False pregnancy

Some unneutered female dogs develop changes several months after a season. This is often referred to a ‘false pregnancy’ or ‘pseudopregnancy’. In most animals this is not a serious condition but it can be inconvenient for the owner and disturbing for the animal. Usually the condition resolves without any treatment but if you are not thinking of breeding from your pet then it is worth considering neutering to prevent this condition.

After oestrus (heat or season) in the female dog or cat the same hormonal changes occur whether or not she is pregnant. The phase of the heat cycle after oestrus is called dioestrus. During dioestrus levels of the hormone progesterone rise. In normal females dioestrus ends spontaneously if they are not pregnant. In pregnant females dioestrus ends as the female goes into labour.

All entire females undergo the same hormonal changes whether or not they are pregnant. This means that after oestrus changes occur in the body to support a pregnancy. For 2-3 months hormonal levels are similar to those in pregnant females. It is this part of the heat cycle that can result in a ‘false pregnancy’. ‘False pregnancy’ could be said to occur ‘naturally’ during dioestrus in all females (since they undergo the same hormonal changes whether or not they are pregnant).

At the end of this period (when a pregnant female would be giving birth) progesterone hormone levels drop and this can fool some female into thinking that they have given birth and need to care for their puppies. Sometimes behavioural changes develop and females may ‘adopt’ a cuddly toy and protect it like their young, in others physical changes may also occur including milk production.

Signs of false pregnancy usually develop around 2-3 months after the previous season. It can be very difficult to know whether a female is actually pregnant or is having a false pregnancy. If you are not absolutely sure that your pet could not be pregnant then you should visit your vet and ask them to check her over.

Each affected female will show different signs including:

  • Poor appetite, lethargy and depression
  • Nest building behaviour and ‘adopting’ toys
  • Behavioural changes, including aggression
  • Mammary development and milk production

In some animals the signs are very subtle, in others they can be dramatic. Signs of false pregnancy may develop after the first season and usually get more obvious with each heat cycle.

In the vast majority of cases false pregnancy is not a serious condition and you should not worry too much. Most females remain well throughout. Try to treat your pet the same as normal and don’t encourage her abnormal behaviour. If she shows a preference for a particular toy and tries to guard it, take this away from her for a few weeks. Encourage her to undertake her normal activities and try to distract her from any ‘strange’ behaviour with more interesting activities like play.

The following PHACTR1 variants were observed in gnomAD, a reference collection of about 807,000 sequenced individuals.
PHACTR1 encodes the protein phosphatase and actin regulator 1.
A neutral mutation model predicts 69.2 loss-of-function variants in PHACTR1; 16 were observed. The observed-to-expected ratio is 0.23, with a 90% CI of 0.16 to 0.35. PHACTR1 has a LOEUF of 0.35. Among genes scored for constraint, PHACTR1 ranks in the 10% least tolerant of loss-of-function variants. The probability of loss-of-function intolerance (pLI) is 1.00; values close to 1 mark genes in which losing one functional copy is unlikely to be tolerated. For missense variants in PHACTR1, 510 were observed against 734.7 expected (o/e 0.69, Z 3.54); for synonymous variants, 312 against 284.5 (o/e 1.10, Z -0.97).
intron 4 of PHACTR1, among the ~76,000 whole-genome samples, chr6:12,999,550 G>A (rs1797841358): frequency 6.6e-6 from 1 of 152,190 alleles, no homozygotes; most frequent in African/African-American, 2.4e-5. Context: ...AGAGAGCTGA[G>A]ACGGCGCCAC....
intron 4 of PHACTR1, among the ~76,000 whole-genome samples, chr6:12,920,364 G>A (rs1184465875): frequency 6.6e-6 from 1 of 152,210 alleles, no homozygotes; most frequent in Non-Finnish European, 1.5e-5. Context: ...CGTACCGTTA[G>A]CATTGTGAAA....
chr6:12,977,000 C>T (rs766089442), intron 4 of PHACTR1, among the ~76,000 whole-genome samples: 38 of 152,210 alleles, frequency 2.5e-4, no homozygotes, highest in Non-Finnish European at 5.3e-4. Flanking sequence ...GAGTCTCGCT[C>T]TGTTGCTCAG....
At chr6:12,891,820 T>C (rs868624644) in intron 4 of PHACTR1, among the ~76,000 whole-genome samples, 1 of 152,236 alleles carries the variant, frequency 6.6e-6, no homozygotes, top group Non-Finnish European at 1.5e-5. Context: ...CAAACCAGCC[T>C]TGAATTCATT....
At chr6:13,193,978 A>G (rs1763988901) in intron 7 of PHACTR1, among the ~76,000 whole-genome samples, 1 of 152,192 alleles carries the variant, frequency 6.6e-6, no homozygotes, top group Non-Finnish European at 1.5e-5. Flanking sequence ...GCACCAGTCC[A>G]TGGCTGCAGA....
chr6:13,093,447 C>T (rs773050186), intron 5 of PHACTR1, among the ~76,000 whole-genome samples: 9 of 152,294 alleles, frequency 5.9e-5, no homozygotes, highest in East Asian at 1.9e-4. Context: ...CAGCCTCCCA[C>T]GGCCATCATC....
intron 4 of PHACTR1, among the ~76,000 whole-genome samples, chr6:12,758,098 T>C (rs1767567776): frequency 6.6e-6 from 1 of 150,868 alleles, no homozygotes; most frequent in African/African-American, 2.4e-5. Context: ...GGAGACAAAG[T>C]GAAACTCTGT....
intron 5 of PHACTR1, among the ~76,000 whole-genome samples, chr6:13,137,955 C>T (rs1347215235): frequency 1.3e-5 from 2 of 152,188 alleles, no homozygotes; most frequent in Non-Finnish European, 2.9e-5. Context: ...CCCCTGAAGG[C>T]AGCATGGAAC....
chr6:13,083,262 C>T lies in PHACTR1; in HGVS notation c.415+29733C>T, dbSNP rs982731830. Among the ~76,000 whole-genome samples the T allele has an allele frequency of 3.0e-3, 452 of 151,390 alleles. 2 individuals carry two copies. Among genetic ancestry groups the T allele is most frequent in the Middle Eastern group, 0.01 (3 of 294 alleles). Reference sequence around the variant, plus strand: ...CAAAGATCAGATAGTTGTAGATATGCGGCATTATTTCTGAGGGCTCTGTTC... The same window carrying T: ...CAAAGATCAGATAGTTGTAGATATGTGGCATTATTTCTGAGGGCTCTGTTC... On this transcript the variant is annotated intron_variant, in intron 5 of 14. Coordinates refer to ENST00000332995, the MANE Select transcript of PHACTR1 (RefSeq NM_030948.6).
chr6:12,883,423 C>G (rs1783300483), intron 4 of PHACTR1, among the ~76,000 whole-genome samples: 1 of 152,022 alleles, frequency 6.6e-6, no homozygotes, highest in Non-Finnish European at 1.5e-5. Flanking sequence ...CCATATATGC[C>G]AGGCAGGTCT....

If your pet’s mammary glands develop and she starts to produce milk you should probably get her checked over by your vet. In most cases milk production dries up without any treatment but some females lick at themselves and stimulate more milk production. This can be uncomfortable for her and there is the risk of an infection (mastitis) developing.

You should also see your vet if your pet is off her food for more than 24 hours, if she has abnormal discharges from her nipples or vulva or she seems unwell in other ways. These may be the signs of more serious problems developing.

In females who have mild signs treatment may not be needed. In most cases the signs will resolve without any treatment as the hormone levels alter as the cycle continues. However in some cases (particularly where behavioural changes are very marked or a lot of milk is being produced) you may want to try to settle the signs more quickly.

There are a number of drugs that may help to reduce the duration of the signs but these will rarely stop the problems immediately. Many of the drugs used are hormones which may be given to stop milk production or affect hormone levels (cabergoline, bromocriptine, megestrol acetate or testosterone). These drugs can sometimes have significant side-effects and so are only used if signs are causing significant problems, or as a last resort.

The best way to control false pregnancy is to neuter the female. Preventing further seasons will prevent the problem happening again. However, if your pet has suffered from false pregnancy, it is important to let the signs abate before neutering. The operation should not be carried while she is still producing milk as it can then be very difficult to stop this.

Once a female has had a false pregnancy they tend to have recurring false pregnancies at every oestrus and signs may last for many weeks. Drug treatment can help during the false pregnancy, but the best solution is spaying, after the false pregnancy has ended. If your pet has suffered a false pregnancy discuss the options for treatment with your vet.